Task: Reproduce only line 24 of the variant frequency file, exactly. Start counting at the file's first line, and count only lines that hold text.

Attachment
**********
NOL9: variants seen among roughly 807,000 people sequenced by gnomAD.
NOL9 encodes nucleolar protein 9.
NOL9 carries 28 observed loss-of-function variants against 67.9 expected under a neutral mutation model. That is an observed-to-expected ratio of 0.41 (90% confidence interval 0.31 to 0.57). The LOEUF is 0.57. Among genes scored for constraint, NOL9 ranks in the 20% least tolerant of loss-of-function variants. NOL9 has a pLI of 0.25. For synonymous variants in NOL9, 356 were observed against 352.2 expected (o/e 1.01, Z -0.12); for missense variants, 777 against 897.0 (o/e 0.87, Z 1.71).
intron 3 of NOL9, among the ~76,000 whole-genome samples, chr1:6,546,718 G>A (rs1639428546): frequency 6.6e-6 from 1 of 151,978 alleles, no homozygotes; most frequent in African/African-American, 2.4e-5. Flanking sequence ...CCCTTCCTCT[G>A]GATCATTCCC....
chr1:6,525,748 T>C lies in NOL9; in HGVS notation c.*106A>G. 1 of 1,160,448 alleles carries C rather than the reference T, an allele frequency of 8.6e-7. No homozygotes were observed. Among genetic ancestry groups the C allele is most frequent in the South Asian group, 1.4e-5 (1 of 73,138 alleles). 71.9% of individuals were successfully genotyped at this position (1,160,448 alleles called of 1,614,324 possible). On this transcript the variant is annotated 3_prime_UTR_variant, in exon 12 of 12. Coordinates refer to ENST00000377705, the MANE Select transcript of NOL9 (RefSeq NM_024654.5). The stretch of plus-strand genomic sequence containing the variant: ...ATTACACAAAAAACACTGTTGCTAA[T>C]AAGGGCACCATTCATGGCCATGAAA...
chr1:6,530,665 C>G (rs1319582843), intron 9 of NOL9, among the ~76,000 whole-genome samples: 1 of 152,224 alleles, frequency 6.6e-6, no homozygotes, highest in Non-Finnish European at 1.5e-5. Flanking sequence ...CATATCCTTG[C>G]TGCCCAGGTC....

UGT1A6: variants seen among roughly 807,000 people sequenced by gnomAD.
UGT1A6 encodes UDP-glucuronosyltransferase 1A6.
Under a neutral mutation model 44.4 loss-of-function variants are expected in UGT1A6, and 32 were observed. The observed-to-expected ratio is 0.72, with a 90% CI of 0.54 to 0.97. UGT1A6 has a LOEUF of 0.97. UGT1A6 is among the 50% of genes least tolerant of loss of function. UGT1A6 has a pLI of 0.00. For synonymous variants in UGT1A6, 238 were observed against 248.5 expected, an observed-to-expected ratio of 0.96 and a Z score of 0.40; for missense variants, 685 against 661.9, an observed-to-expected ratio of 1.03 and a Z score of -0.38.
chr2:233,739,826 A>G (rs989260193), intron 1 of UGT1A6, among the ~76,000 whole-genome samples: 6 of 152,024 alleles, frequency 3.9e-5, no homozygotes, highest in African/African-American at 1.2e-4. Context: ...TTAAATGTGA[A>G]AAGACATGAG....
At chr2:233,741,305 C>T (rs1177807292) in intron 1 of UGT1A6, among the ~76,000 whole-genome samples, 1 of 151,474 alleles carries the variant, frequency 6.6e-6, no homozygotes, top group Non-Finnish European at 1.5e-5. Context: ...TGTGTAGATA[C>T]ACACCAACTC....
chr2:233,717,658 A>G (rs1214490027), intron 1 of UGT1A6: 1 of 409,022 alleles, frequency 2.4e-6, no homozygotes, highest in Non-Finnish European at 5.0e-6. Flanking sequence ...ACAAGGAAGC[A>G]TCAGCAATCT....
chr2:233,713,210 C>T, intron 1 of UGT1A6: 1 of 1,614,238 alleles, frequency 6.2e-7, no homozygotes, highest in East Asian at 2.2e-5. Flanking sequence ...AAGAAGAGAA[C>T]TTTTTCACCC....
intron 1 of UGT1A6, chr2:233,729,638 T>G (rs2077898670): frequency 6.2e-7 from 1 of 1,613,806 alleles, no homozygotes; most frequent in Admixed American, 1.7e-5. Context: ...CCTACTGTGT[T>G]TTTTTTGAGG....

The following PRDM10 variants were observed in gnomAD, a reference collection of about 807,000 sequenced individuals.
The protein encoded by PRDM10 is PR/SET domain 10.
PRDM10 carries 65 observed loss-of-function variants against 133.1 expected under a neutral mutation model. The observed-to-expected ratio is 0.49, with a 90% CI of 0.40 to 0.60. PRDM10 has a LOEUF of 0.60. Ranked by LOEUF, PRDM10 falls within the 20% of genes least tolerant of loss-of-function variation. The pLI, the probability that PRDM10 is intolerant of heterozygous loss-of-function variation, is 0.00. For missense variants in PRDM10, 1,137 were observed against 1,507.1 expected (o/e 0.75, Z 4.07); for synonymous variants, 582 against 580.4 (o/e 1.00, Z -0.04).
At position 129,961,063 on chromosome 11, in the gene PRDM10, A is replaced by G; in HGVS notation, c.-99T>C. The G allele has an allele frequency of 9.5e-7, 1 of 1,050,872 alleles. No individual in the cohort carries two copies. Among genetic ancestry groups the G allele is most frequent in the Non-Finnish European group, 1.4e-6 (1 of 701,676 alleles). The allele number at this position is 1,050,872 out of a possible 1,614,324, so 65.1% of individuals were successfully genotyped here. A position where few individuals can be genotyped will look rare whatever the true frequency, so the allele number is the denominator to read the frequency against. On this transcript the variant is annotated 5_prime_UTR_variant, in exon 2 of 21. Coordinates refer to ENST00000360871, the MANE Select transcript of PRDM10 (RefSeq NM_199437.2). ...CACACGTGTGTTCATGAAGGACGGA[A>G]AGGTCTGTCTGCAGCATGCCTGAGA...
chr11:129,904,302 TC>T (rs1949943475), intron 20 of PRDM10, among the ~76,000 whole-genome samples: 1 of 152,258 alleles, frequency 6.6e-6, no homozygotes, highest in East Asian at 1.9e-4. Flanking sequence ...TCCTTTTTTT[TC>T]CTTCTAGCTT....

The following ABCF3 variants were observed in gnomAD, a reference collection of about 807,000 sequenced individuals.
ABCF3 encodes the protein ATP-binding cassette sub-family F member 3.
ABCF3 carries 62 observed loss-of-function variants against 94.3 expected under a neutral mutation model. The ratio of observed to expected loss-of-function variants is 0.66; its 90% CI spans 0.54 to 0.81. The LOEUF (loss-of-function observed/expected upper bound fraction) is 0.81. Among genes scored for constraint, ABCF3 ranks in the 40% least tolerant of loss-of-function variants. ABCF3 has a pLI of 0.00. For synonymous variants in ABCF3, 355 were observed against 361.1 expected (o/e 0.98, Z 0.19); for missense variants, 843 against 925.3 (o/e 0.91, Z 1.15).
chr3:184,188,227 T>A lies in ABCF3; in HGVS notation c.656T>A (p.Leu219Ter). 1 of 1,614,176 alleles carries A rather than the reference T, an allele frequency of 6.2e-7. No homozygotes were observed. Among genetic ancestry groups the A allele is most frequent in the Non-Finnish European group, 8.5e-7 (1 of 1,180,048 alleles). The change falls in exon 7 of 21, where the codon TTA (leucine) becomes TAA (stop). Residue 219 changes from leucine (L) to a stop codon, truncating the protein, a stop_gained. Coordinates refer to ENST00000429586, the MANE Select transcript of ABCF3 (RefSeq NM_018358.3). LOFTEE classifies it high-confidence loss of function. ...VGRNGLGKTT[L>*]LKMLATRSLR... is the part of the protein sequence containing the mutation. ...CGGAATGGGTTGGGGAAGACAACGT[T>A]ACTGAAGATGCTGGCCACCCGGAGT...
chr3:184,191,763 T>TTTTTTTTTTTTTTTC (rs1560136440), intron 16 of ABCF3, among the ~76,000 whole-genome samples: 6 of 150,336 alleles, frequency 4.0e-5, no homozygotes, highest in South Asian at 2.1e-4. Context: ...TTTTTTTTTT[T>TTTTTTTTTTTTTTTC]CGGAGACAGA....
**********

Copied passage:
chr3:184,191,763 T>TTTTTTTTTTTTTTTC (rs1560136440), intron 16 of ABCF3, among the ~76,000 whole-genome samples: 6 of 150,336 alleles, frequency 4.0e-5, no homozygotes, highest in South Asian at 2.1e-4. Context: ...TTTTTTTTTT[T>TTTTTTTTTTTTTTTC]CGGAGACAGA....